The industry of denial of the importance of the W3C's Compound Document Format ("CDF") is going to be a sysiphean ordeal for the blindered ODF & OOXML choruses ...
"CDF: the common format you've never heard of" | O'Reilly XML.com | Kurt Cagle | 29 Nov 2007
Already, the number of HTML documents that exist dwarf (by a few orders of magnitude) the total number of Microsoft Word documents. As editing increasingly moves onto the web, its safe to say that the document of choice will be neither ODF nor OOXML, both of which gain their power on the basis of supporting legacy word processing systems. Instead, what seems to be emerging from the W3C is something that is not an office suite because it didn’t evolve from one, but that nonetheless is capable of most if not all of the same functions that office suite documents pose.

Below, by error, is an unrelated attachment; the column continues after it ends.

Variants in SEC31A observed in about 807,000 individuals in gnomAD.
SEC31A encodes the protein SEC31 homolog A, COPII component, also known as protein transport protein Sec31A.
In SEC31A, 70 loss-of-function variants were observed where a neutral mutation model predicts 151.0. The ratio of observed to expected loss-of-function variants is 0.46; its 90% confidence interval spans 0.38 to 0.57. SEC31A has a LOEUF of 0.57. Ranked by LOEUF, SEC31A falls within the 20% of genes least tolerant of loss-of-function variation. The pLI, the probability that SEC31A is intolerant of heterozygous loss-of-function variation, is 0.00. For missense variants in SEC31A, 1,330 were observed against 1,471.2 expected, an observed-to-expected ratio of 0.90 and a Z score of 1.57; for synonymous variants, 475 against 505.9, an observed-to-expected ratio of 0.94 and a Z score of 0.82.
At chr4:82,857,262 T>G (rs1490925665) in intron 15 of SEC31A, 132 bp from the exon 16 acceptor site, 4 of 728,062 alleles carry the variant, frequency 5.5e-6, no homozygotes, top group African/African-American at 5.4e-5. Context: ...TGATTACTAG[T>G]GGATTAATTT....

Note also this -- dated Sept 2007 -- W3C editor's draft of CDF's CDI WICD profile for "conforming document-authoring tools".
In plain English, this means CDF is in fact designed for the desktop as well as devices and the web. Let me repeat that: CDF is a format for office suites.
Andy Updegrove was either lying or revealing a willingness to believe anything IBM tells him; and IBM got poor W3C CDF working group members to deny CDF's applicability to the office suite tools to keep the sinking ODF ship afloat (see statements attributed to W3C's Chris Lilley).
How can you blame the W3C for wanting to stay clear of the politicized & unproductive ODF v OOXML stalemate?
Just because something as powerful as CDF is unfamiliar doesn't mean it's going to hurt you.